Facebook kicks political campaigns off of social network

Facebook kicks political campaigns off of social network
​Social media has without a doubt revolutionized the way politicians conduct their campaigns, but policy changes from Facebook will see to it that a popular tool for reaching voters over the web will soon vanish.

Facebook said back in spring that revisions to its Graph application and the way developers work with it will be rolled out over the course of a year, culminating with an April 30, 2015 deadline in which changes would occur permanently across the board.

Those changes — updates to Graph’s application programming interface and the associated terms of service agreement for developers — were met with little discussion outside of the community of coders who implement the app’s API for use in other software. This week, though, Yahoo News writer Jon Ward reported that the change could be colossal for political campaigns ahead of the 2016 presidential elections because candidates will not be able to rely on a social media tactic that’s been credited with being incredibly successful for the efforts of United States President Barack Obama.

Ahead of the 2012 elections, Ward wrote, one million Obama supporters installed the campaign’s Facebook application, which in turn allowed them to share their personalized list of friends with the app’s developers. When they did, Ward wrote, Obama social media people would “run those friend lists up against the voter file, and make targeted suggestions as to who [supporters] should be sharing stuff with.”

“I think this will wind up being the most groundbreaking piece of technology developed for this campaign,” Teddy Goff, the Obama campaign’s digital director, told TIME in November 2012.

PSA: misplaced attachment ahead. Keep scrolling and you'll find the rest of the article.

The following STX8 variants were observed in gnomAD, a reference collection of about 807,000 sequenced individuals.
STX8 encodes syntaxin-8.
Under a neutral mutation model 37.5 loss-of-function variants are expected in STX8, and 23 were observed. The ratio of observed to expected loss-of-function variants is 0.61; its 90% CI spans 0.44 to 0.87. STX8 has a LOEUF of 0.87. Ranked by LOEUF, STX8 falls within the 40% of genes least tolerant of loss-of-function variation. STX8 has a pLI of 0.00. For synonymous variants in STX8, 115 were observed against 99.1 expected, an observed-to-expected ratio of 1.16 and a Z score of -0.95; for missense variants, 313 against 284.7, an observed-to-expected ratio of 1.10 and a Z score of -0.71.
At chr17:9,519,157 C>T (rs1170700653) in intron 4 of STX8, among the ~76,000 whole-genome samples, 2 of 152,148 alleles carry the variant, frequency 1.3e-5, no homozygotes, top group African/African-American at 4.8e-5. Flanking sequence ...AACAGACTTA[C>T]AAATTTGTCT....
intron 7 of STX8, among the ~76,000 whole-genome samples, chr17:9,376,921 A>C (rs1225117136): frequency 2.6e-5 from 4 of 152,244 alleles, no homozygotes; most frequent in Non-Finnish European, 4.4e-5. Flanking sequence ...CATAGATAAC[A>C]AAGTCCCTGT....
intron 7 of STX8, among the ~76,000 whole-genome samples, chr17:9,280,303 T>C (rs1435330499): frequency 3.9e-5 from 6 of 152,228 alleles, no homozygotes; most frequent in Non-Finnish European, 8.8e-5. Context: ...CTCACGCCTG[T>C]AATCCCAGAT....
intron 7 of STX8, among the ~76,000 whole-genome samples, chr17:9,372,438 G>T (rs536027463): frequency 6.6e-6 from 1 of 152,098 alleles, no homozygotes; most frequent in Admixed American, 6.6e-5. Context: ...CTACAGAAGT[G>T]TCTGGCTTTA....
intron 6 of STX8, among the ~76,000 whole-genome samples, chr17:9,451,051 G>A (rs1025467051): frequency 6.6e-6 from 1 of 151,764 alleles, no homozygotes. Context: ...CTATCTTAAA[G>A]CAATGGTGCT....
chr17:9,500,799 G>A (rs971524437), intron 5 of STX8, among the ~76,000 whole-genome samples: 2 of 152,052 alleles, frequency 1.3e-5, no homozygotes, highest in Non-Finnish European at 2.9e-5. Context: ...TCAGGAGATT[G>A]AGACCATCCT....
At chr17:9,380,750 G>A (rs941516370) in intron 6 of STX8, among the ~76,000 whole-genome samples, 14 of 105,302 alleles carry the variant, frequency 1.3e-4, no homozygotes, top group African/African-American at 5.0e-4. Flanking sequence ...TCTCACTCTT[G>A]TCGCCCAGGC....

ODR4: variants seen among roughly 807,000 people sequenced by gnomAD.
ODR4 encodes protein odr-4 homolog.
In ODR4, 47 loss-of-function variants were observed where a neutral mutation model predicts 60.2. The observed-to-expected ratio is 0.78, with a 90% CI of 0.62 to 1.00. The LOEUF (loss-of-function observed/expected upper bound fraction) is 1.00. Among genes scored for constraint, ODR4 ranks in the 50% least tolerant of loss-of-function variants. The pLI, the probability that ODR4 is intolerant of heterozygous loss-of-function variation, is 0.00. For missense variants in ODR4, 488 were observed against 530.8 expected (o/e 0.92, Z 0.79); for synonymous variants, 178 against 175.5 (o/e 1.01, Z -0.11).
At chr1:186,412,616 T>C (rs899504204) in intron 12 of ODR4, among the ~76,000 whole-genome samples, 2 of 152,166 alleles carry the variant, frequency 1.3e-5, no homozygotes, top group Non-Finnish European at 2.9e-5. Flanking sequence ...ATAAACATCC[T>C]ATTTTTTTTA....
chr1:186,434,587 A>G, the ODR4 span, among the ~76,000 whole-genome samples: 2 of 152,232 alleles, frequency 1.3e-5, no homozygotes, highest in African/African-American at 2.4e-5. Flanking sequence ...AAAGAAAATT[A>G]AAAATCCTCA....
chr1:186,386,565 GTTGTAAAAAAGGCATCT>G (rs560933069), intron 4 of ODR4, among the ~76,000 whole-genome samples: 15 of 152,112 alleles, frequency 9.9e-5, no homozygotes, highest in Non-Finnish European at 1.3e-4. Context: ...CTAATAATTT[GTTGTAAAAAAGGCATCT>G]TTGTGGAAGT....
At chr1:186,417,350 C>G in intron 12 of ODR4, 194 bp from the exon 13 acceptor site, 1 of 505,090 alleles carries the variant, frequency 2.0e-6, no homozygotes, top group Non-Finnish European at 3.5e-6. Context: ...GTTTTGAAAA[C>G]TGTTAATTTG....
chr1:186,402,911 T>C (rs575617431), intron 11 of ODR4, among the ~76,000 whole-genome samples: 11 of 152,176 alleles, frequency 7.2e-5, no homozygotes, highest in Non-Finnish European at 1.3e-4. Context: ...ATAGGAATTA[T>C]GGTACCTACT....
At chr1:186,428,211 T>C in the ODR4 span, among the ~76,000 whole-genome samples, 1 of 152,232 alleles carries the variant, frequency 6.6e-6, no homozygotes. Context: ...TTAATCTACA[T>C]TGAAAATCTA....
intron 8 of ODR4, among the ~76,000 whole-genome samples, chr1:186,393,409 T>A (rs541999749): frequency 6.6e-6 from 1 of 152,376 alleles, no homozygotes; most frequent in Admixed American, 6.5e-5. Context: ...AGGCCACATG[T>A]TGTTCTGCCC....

“This was a powerful new form of voter outreach. The Obama campaign had concluded that many voters — especially younger Americans — viewed TV and other forms of advertising from the campaign with suspicion and skepticism. But they were still open to messages that came from friends and acquaintances,” Ward wrote this week. “The key to getting persuasive messages in front of persuadable voters going forward, the campaign decided, was to have them come from people they knew.”

Recent changes to Facebook Graph’s API and ToS, though, will make the digital directors of the next presidential election searching for a new social media tool. In May, shortly after the revisions were announced, Peter Yang of Facebook wrote on the site that privacy concerns coming from users had encouraged some rethinking with regards to how Graph operates.

“We made this change because people didn't feel comfortable having their information shared when their friends log into apps,” Yang wrote. Under the changes, he added, “everyone decides by themselves what data they want to share with apps. We want to balance letting developers build great social experiences with giving power and control to people first.”

Six months later, however, Ward warns that few politicians have realized, at least publically, what this means. “Today, when Facebook users choose to share their friend list with an app, only those friends who also use the app become visible, Facebook spokeswoman Tera Randall told Yahoo News,” Ward explained. “But when the API and terms-of-service changes become permanent for all apps,” he added, “…any campaign that has bought its voter information — won’t be able to keep up to date with its supporters’ most recent lists of friends, and will learn nothing about the Facebook friends of new supporters. Facebook’s change becomes permanent on April 30, 2015.”

“It seems that the days of getting 1 million users to scrape all of America's social data are gone,” responded a National Republican Senatorial Committee official to Yahoo News.